The business of selling your business

Time to let go of your company? Well, don't rush it. Here's how to get that final handshake with something to show for your efforts.

Gary Murray started Sylvest Management Systems Corp., a computer systems integration company, out of his home in 1987. Within a few years, the Landover, Maryland, company was sprouting at a rate of 45% a year and by 1996 had revenues of $107.5 million. Sylvest had reached the point where it was using all of its cash for internal growth, but it also wanted to expand through acquisitions. The solution? Look for a company to buy. “While preparing to make an acquisition, our investment bankers said, ‘By the way, there are some people who are also looking to grow, who might be interested in buying you,” recalls Murray. “‘Selling would involve the same level of effort that you’re already planning to go through to bring in outside capital. Would you be interested in having others look at you?’ We said OK.”

After much deliberation, Murray and his partners put the company on the auction block, and last year, Sylvest was purchased by Federal Data Corp., a systems integration firm, for an undisclosed sum.

“The decision [to sell] is the most emotional part,” says Murray. “It’s like parting with the baby you gave birth to– so you just don’t give that up easily. But going through it, I felt better because I didn’t have to sell.”

Although Federal wasn’t the highest bidder, it won out because Murray believed it offered the synergy “to take Sylvest to a higher level.”

Murray signed a mostly cash deal that was not contingent upon Sylvest’s future earnings. He also maintains a consulting relationship with his former company.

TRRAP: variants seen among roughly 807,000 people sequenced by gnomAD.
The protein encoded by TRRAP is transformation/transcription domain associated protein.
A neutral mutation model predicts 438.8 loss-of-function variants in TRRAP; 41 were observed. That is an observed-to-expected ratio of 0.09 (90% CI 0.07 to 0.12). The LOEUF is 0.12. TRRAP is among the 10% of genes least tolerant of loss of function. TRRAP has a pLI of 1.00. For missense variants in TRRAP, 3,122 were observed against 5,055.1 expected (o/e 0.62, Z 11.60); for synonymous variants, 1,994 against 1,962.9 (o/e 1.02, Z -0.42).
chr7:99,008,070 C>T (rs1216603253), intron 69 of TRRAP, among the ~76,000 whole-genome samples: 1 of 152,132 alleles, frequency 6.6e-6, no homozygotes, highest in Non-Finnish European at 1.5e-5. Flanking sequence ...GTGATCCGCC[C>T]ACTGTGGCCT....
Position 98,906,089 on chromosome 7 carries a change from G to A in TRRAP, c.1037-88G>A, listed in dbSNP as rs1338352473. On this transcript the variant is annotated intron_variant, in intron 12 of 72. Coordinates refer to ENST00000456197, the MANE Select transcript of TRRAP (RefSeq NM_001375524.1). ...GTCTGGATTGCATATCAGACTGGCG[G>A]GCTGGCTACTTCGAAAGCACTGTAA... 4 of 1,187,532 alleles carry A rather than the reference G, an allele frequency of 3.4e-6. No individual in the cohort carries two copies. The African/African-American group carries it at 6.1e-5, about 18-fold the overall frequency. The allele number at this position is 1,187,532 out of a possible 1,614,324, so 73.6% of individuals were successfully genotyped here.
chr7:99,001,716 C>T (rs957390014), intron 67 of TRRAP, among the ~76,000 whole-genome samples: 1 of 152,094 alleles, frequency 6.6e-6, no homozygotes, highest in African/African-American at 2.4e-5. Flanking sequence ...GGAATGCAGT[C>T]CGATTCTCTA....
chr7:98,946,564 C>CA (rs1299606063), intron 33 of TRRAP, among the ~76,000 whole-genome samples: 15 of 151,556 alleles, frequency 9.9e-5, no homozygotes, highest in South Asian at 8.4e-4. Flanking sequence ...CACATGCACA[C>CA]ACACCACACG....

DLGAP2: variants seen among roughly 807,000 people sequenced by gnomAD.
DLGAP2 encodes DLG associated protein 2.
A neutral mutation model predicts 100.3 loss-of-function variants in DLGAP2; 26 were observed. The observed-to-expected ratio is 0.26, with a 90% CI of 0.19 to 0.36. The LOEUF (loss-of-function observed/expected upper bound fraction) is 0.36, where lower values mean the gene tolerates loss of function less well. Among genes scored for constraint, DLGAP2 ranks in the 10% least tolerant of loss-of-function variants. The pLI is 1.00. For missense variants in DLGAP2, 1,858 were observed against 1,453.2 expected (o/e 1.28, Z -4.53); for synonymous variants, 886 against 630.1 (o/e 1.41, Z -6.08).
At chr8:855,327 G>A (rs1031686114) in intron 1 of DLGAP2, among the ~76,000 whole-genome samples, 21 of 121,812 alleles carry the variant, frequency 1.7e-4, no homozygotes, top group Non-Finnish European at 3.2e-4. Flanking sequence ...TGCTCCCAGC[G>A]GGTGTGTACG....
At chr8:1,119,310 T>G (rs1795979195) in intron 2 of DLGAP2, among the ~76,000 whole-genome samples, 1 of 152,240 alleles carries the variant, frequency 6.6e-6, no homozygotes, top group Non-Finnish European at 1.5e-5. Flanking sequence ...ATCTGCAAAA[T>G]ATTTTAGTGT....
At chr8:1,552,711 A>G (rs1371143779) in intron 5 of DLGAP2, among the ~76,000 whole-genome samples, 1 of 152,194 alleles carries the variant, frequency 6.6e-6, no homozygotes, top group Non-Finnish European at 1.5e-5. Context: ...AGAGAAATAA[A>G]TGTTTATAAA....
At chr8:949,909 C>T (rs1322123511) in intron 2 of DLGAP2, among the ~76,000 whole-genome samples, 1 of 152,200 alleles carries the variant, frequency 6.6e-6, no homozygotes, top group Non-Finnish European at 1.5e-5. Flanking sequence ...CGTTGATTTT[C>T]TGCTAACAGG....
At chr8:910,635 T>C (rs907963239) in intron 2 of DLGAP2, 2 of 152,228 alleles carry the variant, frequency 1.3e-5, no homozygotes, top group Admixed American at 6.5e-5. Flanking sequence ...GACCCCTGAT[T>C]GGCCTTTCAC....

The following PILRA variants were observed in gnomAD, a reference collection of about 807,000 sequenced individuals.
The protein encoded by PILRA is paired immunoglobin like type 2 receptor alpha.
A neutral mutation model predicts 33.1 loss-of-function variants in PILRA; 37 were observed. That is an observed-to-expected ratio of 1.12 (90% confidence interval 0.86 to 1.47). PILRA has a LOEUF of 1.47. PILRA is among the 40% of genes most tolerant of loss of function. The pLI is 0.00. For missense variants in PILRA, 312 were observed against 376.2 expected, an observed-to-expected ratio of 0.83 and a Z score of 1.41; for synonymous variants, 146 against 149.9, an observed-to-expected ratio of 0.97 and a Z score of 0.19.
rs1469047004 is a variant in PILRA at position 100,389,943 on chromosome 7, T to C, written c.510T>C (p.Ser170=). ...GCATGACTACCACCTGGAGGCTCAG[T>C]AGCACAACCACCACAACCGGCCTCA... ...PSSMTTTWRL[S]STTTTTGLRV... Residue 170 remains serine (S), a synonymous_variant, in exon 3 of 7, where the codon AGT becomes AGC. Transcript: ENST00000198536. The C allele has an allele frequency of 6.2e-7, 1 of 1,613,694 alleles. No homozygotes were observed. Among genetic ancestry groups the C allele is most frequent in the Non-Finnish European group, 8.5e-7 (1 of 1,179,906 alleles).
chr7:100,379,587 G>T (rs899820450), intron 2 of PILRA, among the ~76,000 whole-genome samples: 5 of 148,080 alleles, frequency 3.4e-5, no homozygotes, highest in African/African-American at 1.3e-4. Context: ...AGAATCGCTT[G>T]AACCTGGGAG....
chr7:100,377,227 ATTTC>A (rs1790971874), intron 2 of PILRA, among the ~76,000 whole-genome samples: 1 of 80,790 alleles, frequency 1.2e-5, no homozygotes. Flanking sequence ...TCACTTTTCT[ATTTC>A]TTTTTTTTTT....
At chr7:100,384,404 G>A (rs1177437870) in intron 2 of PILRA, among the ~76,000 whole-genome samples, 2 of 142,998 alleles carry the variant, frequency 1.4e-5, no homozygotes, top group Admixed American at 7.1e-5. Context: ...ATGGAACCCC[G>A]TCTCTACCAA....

In 1997, mergers and acquisitions were at a record level for the third year in a row, over $700 billion in transactions, according to Colin Gabriel, author of How to Sell Your Business–and Get What You Want!And megadeals aren’t all that are contributing to these numbers.

Small-business owners are growing more savvy about cashing in their business for profit. diligence to ensure that as the seller, you The trick is to do the necessary due diligence to ensure that as the seller, you come out on top.

If you make the classic mistakes sellers make rushing to a close with the very first buyer who offers a deal, for instance–you can end up like Henry Shropshire, a realtor and owner of H.D. Gholston Associated Properties Inc. based in Alexandria, Virginia. As part of their semi-retirement goals, which included moving from Washington, D.C., to North Carolina, Shropshire and his wife purchased Elite Postal Services in Raleigh in 1993. Shropshire commuted while managing Elite and after three years, the business was doing nearly $100,000 in annual sales. But in 1996 his wife decided she didn’t want to move south after all, plus Shropshire found himself spending time in the Virgin Islands looking after property damaged in a hurricane. He didn’t have time for the business, so he put it on the market. Although it was valued at 2.5 times its earnings, Shropshire sold Elite for less than $50,000. The sale netted him more than double his original

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